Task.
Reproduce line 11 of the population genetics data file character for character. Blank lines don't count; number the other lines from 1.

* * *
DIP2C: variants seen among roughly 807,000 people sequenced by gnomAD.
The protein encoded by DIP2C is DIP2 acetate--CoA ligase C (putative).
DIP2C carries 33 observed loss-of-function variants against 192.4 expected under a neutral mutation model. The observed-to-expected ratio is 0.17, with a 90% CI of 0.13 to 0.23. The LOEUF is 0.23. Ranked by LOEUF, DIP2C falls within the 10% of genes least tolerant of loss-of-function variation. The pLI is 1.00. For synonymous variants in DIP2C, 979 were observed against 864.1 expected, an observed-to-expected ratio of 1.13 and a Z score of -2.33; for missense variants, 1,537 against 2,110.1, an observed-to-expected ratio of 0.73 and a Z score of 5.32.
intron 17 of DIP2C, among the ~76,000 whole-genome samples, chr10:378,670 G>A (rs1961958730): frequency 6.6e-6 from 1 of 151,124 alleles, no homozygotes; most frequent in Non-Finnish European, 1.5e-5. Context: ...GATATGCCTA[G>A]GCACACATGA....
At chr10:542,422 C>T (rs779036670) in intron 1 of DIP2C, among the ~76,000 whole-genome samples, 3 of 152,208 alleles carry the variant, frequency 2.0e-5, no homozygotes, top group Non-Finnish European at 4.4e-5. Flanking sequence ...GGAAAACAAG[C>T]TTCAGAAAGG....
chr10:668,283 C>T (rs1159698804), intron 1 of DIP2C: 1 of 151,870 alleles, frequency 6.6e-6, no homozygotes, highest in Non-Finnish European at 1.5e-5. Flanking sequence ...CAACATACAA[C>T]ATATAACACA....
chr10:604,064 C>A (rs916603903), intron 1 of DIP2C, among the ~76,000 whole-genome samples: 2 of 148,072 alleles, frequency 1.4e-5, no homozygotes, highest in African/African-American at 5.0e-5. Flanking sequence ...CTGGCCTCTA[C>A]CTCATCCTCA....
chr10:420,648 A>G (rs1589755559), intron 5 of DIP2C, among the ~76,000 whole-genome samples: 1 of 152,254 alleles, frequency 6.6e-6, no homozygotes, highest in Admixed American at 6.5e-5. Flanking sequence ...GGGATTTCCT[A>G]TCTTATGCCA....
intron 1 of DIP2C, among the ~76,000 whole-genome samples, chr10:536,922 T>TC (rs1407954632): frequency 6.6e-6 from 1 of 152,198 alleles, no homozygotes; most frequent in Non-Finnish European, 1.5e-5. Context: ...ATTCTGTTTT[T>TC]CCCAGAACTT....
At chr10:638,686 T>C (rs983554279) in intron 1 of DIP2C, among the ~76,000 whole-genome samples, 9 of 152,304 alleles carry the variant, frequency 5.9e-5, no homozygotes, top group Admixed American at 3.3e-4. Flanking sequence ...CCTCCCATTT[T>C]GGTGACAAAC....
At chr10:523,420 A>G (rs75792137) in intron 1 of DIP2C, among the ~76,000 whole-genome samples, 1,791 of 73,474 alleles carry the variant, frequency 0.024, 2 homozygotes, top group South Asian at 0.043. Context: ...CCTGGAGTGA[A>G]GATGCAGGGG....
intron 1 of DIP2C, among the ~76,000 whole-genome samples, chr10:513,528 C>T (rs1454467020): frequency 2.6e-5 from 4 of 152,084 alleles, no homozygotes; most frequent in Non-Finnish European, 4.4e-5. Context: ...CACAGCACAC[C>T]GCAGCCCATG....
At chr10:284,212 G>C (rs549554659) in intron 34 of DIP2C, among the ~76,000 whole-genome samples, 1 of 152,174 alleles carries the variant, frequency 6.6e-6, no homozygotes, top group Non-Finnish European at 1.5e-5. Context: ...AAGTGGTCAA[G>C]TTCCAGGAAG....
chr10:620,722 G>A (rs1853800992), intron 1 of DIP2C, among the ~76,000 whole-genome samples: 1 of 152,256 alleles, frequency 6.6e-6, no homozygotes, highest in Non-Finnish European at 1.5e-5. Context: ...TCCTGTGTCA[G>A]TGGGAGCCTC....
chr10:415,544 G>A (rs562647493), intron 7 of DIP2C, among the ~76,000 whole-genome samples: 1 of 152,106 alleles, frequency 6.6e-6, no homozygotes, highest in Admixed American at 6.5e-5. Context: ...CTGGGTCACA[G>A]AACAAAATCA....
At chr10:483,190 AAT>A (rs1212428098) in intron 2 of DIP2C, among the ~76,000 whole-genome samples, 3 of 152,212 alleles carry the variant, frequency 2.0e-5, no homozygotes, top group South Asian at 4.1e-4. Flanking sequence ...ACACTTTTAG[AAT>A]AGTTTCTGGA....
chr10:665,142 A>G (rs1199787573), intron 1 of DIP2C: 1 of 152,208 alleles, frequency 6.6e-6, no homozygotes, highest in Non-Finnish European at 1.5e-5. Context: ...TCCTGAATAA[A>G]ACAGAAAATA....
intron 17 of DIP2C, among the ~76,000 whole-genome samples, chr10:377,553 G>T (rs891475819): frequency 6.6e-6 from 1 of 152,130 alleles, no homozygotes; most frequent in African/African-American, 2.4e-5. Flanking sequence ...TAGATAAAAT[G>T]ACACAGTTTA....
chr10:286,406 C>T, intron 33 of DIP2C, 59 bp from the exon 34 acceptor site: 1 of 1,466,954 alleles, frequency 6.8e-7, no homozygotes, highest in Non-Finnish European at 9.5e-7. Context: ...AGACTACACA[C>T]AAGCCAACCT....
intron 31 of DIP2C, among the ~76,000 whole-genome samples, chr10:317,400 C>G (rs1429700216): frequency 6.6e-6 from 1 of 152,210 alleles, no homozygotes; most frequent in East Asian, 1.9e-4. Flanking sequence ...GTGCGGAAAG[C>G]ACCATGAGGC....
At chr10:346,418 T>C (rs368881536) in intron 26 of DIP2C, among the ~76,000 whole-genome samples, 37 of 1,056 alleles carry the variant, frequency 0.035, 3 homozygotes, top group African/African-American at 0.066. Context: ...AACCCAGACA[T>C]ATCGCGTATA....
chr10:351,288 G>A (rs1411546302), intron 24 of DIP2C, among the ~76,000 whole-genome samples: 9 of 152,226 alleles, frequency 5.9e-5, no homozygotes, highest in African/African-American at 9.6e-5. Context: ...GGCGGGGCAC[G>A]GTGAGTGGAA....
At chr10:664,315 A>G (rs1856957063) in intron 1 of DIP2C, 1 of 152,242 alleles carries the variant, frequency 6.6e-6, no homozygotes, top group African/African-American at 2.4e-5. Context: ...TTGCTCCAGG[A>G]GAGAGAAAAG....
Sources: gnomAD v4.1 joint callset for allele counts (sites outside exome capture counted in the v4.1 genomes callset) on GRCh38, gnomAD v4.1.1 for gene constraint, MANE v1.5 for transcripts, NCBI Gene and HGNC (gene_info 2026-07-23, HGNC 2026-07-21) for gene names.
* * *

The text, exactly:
At chr10:523,420 A>G (rs75792137) in intron 1 of DIP2C, among the ~76,000 whole-genome samples, 1,791 of 73,474 alleles carry the variant, frequency 0.024, 2 homozygotes, top group South Asian at 0.043. Context: ...CCTGGAGTGA[A>G]GATGCAGGGG....